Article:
Choice, and the politics of being hot:

“Until the woman who doesn’t want to be seen as sexually available can go out with certainty that she won’t be harassed or ogled, your choice to turn heads and revel in attention is a privileged one. Until the woman who doesn’t prioritize appearance gets taken just as seriously in just the same contexts, it’s a privileged choice to achieve certain standards of beauty. You may be doing what you love, but you’re also doing what you’re told.” [XOJane]

Gah! Now this is enough to give me nightmares for the rest of my Halloweens: “Woman Trapped in Anti-Abortion Haunted House”. [Jezebel]

“Obamanalysis.” [New York Magazine]

Another black girl woman is filmed giving a blow job; heralded as “the next Amber Cole”:

“At this point, the most noteworthy thing about someone doing something with someone else’s privates is the fact that we still make such a big fucking deal about it. Yes, that’s a penis. Yes, that’s a woman’s mouth. Yes, that’s ejaculate. Let’s all carry on with our daily lives and quit acting like we’ve never seen a blow job before. Move along, folks. Nothing to carry on about here. Literally hundreds of people are getting blow jobs right this second. By the end of the day, thousands of people will have received blow jobs. Maybe you’ll get a blow job! Maybe you’ll give one. Maybe you’ve already given or gotten one today. But enough with the gathering, giggling, judging, and Tweeting.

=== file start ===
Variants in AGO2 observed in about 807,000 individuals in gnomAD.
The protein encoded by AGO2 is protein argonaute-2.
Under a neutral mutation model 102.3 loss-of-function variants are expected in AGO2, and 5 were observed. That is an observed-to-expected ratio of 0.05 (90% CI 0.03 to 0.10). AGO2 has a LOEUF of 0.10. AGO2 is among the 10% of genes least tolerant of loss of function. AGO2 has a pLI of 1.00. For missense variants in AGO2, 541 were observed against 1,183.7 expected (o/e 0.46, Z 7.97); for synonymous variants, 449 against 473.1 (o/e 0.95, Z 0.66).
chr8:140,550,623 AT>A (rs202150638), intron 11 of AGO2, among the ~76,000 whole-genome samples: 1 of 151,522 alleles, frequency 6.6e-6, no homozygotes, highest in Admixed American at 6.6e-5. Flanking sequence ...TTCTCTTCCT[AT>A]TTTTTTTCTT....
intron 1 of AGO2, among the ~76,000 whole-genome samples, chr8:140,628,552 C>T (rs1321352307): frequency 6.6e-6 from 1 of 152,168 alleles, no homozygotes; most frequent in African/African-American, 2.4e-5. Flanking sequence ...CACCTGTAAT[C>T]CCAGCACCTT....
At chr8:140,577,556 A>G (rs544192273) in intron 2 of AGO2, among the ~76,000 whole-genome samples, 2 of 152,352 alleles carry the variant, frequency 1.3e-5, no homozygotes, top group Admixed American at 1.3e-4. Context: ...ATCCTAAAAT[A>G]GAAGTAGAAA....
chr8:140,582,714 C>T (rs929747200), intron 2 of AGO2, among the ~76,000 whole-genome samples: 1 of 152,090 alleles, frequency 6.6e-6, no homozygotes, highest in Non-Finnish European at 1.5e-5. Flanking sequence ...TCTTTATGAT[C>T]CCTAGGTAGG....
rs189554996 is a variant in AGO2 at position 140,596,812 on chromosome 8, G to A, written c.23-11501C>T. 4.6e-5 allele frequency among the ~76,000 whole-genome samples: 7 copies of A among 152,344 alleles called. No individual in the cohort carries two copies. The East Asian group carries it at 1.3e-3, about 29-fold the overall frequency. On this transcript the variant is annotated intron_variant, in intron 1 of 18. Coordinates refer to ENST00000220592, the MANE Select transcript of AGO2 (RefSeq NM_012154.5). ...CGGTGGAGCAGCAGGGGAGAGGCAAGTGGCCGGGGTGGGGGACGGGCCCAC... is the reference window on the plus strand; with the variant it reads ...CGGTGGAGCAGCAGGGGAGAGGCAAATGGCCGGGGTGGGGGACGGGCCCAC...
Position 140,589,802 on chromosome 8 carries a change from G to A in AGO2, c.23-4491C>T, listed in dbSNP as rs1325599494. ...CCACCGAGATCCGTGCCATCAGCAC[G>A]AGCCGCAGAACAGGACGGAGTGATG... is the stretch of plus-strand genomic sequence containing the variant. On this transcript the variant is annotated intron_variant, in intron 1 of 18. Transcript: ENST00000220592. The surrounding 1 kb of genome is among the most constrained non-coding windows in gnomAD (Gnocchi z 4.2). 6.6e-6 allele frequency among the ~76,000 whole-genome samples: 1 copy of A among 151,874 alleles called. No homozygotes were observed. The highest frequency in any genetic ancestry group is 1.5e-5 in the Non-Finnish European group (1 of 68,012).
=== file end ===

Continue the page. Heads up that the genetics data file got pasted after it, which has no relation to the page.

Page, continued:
“There are real things going on in the world. Kardashians are getting divorced.” [Jezebel]

Speaking of Kardashians, an attempt to decode them. [MamaMia]

Feminine hygiene product ads with actual blood in them! Who woulda thunk it? [Jezebel]

Don’t tell me to love myself:

“It’s a lot of pressure. Stop feeling unattractive! Just decide to love yourself! And then you’ll look good! If you look bad, it’s because you’re insecure. Get secure!” [MamaMia]

On being sex-positive. [The Pervocracy]

And masturbation means you’re gay, didn’t you know? [Feministe]

Also from Feministe, the “Hot Chicks of Occupy Wall Street” gets all rapey,

Cheerleading is a sport, dammit! [Fit & Feminist]

Cutting off “gender studies” to spite “women’s studies”? [The Good Men Project]

Images via Details, New York Magazine.